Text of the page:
Mike Nelson takes his debris and props to the British Pavilion for the Venice Biennale

By Mark Sheerin | 19 May 2011
a photo of an art installation featuring a clown's mask, and old tv and electrical fan and a poster with the words smoke a spliff and fly
Mike Nelson, The Coral Reef (2000). Installation view at Tate Britain© Courtesy Tate
Mike Nelson, who represents Britain at the Venice Biennale in June, has got some previous with mysterious islands. For starters, he constructed two for Camden Arts Centre.

Temporary Monument featured three rooms, perhaps as many narratives, and was as byzantine as the Floating City itself. The preface was a text pinned to the wall in the entrance, taken from L'Île mystérieuse by Jules Verne.

Visitors soon discovered a world within a world, first a fictional artist’s studio, then a hideout for a gang of satanic bikers. For the stuffed dummy held captive in the last of these three elaborate spaces it was surely the island of no return.

Originally made as part of a 1998 residency, the work was brought back in 2010 for time-travel show Never the Same River. Recreating the piece took four weeks, and since Nelson can spend up to six months creating an installation, that is quick.

a photo of an installation shot featuring an old TV, mobile phone, electrical device, light and coffee mug
Mike Nelson, The Coral Reef (2000). Installation view at Tate Britain© Mike Nelson Courtesy Tate
But as a victim of his own success, the London-based artist has also been required to recreate another of his mysterious worlds at Tate Britain. This time The Coral Reef has been brought across from the year 2000 and Matt’s Gallery in East London.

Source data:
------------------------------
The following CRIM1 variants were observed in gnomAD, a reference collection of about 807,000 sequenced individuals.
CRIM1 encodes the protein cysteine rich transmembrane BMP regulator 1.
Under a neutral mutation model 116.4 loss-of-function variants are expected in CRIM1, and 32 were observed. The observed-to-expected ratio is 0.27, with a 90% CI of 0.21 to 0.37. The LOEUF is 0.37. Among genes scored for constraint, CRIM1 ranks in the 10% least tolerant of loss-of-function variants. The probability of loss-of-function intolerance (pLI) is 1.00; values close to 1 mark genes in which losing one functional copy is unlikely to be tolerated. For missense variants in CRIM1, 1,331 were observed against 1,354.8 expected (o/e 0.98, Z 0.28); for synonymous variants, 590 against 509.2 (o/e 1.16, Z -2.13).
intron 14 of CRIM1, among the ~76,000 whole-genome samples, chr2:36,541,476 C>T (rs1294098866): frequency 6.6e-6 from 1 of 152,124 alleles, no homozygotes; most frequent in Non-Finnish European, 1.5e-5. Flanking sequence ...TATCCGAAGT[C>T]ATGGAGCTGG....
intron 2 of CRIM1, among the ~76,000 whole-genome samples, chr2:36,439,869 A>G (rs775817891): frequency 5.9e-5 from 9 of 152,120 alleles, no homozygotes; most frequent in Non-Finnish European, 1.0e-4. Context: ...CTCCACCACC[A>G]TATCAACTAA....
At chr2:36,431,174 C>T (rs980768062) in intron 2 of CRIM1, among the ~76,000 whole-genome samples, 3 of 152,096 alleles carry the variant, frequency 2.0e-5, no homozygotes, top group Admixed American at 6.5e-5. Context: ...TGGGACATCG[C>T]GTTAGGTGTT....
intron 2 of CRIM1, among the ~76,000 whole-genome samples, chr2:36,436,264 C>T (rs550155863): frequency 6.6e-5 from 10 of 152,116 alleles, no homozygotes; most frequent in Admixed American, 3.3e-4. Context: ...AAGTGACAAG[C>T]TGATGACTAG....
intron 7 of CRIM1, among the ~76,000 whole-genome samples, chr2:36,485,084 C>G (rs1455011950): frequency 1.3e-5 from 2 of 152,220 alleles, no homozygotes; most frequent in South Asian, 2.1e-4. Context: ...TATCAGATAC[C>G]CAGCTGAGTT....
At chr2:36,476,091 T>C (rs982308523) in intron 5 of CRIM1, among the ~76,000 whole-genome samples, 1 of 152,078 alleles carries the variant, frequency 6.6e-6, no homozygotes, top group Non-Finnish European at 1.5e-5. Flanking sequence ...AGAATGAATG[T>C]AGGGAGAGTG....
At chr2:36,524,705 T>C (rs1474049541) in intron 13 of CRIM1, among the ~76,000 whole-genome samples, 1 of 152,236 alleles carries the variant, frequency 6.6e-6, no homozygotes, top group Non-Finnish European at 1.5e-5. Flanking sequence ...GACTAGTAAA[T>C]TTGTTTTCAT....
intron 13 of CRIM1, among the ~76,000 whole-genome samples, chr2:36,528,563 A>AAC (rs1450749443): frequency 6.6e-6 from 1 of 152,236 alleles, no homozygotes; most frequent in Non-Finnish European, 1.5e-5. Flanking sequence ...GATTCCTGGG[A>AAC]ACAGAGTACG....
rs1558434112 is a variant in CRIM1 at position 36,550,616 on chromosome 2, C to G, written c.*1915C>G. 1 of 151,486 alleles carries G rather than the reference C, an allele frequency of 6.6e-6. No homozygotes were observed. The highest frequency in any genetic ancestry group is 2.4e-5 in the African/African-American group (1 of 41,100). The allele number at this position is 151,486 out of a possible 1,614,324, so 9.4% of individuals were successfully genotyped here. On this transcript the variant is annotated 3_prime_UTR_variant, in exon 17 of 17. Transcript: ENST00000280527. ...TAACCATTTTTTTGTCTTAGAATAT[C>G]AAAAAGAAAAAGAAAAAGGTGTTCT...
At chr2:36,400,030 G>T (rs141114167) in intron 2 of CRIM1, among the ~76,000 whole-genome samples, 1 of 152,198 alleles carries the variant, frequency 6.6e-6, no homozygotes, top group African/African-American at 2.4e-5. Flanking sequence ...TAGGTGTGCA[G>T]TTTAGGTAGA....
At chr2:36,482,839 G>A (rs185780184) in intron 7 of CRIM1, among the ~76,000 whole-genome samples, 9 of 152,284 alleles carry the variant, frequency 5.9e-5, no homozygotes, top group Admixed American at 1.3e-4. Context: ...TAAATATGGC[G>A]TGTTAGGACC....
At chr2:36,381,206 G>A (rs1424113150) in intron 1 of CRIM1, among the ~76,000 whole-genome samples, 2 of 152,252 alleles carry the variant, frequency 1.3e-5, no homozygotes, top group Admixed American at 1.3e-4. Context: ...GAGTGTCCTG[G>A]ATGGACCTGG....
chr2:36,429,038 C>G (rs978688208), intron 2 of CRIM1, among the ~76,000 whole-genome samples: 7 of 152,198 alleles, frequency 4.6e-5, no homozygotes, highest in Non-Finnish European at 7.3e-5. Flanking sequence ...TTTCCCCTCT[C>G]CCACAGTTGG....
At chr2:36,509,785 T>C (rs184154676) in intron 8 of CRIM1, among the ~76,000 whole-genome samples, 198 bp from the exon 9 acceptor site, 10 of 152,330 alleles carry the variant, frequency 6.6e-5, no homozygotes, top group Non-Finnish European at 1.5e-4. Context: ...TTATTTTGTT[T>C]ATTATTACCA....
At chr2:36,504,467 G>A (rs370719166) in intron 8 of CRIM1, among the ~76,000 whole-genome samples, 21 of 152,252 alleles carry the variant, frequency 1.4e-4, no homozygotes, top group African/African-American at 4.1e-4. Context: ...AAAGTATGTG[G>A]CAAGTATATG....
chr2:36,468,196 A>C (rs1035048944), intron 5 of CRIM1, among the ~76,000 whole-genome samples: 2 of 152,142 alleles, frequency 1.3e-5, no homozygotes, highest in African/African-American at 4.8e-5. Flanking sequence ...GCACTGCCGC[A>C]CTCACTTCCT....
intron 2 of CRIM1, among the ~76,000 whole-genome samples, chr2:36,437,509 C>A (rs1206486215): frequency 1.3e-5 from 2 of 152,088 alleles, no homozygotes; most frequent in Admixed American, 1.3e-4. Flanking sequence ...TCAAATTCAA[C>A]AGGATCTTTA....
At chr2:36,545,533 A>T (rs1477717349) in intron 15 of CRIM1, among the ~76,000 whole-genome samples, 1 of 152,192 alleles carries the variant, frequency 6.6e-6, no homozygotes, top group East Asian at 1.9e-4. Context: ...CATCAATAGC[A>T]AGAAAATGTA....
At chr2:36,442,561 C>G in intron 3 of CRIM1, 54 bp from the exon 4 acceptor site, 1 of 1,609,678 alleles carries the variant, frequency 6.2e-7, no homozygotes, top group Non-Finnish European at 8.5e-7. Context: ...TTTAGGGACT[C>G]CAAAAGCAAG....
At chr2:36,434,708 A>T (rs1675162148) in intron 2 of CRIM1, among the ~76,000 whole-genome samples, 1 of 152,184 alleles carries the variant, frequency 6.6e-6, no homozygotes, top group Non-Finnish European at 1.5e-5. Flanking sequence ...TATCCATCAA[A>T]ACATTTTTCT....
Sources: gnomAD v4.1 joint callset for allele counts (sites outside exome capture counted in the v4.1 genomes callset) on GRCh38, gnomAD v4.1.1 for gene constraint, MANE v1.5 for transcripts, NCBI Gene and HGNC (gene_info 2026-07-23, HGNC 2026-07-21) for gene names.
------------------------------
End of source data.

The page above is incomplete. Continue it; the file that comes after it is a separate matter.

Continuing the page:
Here you can explore the secret life of a minicab booking office or, say, a dirt-cheap hotel. Nelson fills his maze-like construction with debris and props, so layered they are often described as literary. And indeed he’s as madcap as Thomas Pynchon.

So it will be interesting to see what he dredges up for the British Pavilion at Venice, where his construction has been underway since late March. The British Council say Nelson is the first installation artist they have chosen for 1909 building.

“I look like a builder and I behave like a builder to some degree,” he told Tate Shorts, “but my head doesn't know that, my head's somewhere else." Assuming this builder finishes on time, the public will be able to see the results from June 4.

  • The Venice Biennale runs June 27 – September 27 2011. See www.labiennale.org for more details.

Visit Mark Sheerin’s contemporary art blog and follow him on Twitter.
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